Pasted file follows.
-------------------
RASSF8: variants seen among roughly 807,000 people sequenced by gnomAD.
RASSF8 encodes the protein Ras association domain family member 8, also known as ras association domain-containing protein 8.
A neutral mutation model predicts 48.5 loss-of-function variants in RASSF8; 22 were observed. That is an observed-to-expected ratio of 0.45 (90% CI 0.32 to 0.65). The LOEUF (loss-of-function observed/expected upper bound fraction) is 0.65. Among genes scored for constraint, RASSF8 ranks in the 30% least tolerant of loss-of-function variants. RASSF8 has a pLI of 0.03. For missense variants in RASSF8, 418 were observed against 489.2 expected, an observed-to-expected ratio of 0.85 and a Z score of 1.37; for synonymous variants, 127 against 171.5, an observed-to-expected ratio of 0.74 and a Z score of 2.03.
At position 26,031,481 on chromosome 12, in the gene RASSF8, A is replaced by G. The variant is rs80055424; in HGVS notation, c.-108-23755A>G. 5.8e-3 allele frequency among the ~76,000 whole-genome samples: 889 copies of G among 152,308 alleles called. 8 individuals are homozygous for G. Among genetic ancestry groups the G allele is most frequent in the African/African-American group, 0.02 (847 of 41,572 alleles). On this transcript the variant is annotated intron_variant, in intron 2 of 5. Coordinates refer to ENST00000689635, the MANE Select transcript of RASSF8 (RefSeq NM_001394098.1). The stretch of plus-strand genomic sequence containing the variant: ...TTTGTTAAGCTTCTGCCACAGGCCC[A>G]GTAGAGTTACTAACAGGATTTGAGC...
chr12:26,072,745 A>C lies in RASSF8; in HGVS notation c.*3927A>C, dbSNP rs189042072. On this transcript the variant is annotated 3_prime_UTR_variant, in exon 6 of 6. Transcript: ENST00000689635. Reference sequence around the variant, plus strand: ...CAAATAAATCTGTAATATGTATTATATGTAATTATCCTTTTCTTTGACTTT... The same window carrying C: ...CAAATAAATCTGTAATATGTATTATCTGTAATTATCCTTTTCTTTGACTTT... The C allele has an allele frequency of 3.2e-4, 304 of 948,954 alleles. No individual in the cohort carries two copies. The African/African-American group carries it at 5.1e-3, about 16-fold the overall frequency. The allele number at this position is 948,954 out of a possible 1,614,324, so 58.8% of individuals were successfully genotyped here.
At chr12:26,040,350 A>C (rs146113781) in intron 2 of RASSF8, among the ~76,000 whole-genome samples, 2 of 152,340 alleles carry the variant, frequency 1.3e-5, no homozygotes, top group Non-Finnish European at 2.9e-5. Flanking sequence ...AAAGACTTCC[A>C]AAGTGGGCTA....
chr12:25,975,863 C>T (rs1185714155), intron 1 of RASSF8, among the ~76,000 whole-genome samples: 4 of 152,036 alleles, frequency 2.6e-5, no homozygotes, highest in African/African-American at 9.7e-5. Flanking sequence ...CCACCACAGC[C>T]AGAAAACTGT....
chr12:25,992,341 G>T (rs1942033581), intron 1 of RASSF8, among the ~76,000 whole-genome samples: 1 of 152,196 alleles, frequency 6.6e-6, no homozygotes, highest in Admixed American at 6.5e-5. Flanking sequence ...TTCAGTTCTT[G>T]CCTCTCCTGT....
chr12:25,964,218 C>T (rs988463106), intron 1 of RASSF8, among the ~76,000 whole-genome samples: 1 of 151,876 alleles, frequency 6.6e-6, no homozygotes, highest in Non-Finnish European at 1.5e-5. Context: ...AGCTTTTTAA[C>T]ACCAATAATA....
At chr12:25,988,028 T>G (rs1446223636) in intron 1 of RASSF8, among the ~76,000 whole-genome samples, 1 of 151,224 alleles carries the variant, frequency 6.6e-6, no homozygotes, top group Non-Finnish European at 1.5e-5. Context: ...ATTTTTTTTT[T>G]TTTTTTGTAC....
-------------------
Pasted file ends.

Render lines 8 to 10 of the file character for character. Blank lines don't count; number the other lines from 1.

chr12:25,992,341 G>T (rs1942033581), intron 1 of RASSF8, among the ~76,000 whole-genome samples: 1 of 152,196 alleles, frequency 6.6e-6, no homozygotes, highest in Admixed American at 6.5e-5. Flanking sequence ...TTCAGTTCTT[G>T]CCTCTCCTGT....
chr12:25,964,218 C>T (rs988463106), intron 1 of RASSF8, among the ~76,000 whole-genome samples: 1 of 151,876 alleles, frequency 6.6e-6, no homozygotes, highest in Non-Finnish European at 1.5e-5. Context: ...AGCTTTTTAA[C>T]ACCAATAATA....
At chr12:25,988,028 T>G (rs1446223636) in intron 1 of RASSF8, among the ~76,000 whole-genome samples, 1 of 151,224 alleles carries the variant, frequency 6.6e-6, no homozygotes, top group Non-Finnish European at 1.5e-5. Context: ...ATTTTTTTTT[T>G]TTTTTTGTAC....